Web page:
FDA GRANTS PRIORITY REVIEW FOR VENETOCLAX NEW DRUG APPLICATION
Genentech, a member of the Roche Group (SIX: RO, ROG; OTCQX: RHHBY), announced today that the U.S. Food and Drug Administration (FDA) has accepted the New Drug Application (NDA) and granted Priority Review for venetoclax for the treatment of people with chronic lymphocytic leukemia (CLL) who have received at least one prior therapy, including those with 17p deletion. Venetoclax is a small molecule inhibitor of the BCL-2 protein being developed in partnership with AbbVie, and was granted Breakthrough Therapy Designation by the FDA in April 2015 for the treatment of people with previously treated (relapsed or refractory) CLL with 17p deletion.
"Venetoclax is a potential new way to treat this difficult type of chronic lymphocytic leukemia," said Sandra Horning, M.D., chief medical officer and head of Global Product Development. "We look forward to working with AbbVie and health authorities to bring this first-of-its-kind medicine to people who need more options."
A Priority Review designation is granted to medicines that the FDA has determined to have the potential to provide significant improvements in the treatment, prevention or diagnosis of a disease. Breakthrough Therapy Designation is designed to expedite the development and review of medicines intended to treat serious or life-threatening diseases and to help ensure people have access to them through FDA approval as soon as possible. A Marketing Authorization Application (MAA) has also been validated by the European Medicines Agency (EMA (News - Alert)).
About Study M13-982
The NDA for venetoclax is based in part on data from the pivotal Phase II M13-982 study. M13-982 (NCT01889186) is a Phase II, open-label, single arm, multicenter study evaluating the efficacy and safety of venetoclax in patients with relapsed, refractory or previously untreated chronic lymphocytic leukemia (CLL) with 17p deletion. The study included 107 patients with relapsed or refractory disease, and all but one had 17p deletion. Additionally, about 50 patients with relapsed, refractory or previously untreated disease have been enrolled in the safety expansion cohort. The primary endpoint of the study is overall response rate (ORR) as determined by an independent review committee (IRC), and secondary endpoints include complete response (CR), partial response (PR), duration of response (DOR), progression-free survival (PFS) and overall survival (OS). The level of minimal residual disease (MRD) in peripheral blood and/or bone marrow was assessed in a subset of patients.<> Results from the study were recently presented at the 57th American Society of Hematology (ASH) Annual Meeting showing:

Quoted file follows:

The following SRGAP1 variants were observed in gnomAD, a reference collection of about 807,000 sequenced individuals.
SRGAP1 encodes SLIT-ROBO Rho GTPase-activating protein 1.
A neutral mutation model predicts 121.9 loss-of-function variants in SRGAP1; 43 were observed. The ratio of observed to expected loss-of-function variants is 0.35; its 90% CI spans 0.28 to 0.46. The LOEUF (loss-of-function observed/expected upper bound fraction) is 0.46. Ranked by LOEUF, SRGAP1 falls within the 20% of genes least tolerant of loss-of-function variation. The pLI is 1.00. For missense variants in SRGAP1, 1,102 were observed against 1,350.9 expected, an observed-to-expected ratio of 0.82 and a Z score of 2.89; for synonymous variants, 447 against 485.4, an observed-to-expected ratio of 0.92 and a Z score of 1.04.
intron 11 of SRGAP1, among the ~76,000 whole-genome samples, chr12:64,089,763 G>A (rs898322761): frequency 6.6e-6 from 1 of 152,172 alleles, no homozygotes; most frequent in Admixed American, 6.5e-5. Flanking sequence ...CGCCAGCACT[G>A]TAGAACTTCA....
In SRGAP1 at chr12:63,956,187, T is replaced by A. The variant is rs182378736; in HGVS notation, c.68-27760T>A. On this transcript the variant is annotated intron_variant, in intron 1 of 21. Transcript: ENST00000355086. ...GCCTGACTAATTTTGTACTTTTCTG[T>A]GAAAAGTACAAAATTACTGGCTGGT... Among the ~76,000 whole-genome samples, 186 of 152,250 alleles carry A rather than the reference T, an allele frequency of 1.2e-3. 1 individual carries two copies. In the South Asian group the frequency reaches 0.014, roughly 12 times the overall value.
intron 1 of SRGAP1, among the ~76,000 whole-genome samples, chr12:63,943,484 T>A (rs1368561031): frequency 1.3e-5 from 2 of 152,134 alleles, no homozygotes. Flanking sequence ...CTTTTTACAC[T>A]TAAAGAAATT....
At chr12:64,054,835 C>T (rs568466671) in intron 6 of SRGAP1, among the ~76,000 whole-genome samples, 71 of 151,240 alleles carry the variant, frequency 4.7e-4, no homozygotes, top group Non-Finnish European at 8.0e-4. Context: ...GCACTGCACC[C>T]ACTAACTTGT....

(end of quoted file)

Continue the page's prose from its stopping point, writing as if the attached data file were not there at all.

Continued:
About Venetoclax (RG7601, GDC-0199/ABT-199)
Venetoclax is an investigational small molecule designed to selectively bind and inhibit the BCL-2 protein, which plays an important role in a process called apoptosis (programmed cell death). It is believed that blocking BCL-2 may restore the signaling system that tells cells, including cancer cells, to self-destruct. The BCL-2 protein is linked to the development of resistance in certain blood cancers and is expressed in chronic lymphocytic leukemia (CLL) and non-Hodgkin's lymphoma (NHL). In collaboration with AbbVie, venetoclax is being evaluated in a robust development program as a single agent or in combination with other medicines. There are ongoing Phase II and III studies for venetoclax in CLL, and Phase I and II studies are also ongoing in several other blood cancers, including indolent NHL, diffuse large B-cell lymphoma (DLBCL), acute myeloid leukemia (AML) and multiple myeloma (MM).
About Chronic Lymphocytic Leukemia (CLL)
CLL is one of the most common forms of blood cancer, and each year there are an estimated 5,000 deaths from CLL in the United States. Although signs of CLL may disappear for a period of time after initial treatment, the disease is considered incurable and many people will require additional treatment due to the return of cancerous cells.
In certain cases of CLL, a part of chromosome 17 is lost and along with it an important gene that controls apoptosis (programmed cell death) called p53. The 17p deletion is found in 3 to 10 percent of previously untreated cases and approximately 30 to 50 percent of relapsed or refractory cases.
About Genentech In Hematology
For more than 20 years, Genentech has been developing medicines with the goal to redefine treatment in hematology. Today, we're investing more than ever in our effort to bring innovative treatment options to people with diseases of the blood. In addition to approved medicines, Genentech's pipeline of investigational hematology medicines includes an anti-PDL1 antibody (atezolizumab/MPDL3280A), an anti-CD79b antibody drug conjugate (polatuzumab vedotin/RG7596), a small molecule antagonist of MDM2 (idasanutlin/RG7388) and in collaboration with AbbVie, a small molecule BCL-2 inhibitor (venetoclax/RG7601/GDC-0199/ABT-199). Genentech's dedication to developing novel molecules in hematology expands beyond oncology, with the development of the investigational hemophilia A treatment emicizumab (ACE910).
Founded 40 years ago, Genentech is a leading biotechnology company that discovers, develops, manufactures and commercializes medicines to treat patients with serious or life-threatening medical conditions. The company, a member of the Roche Group, has headquarters in South San Francisco, California. For additional information about the company, please visit http://www.gene.com.
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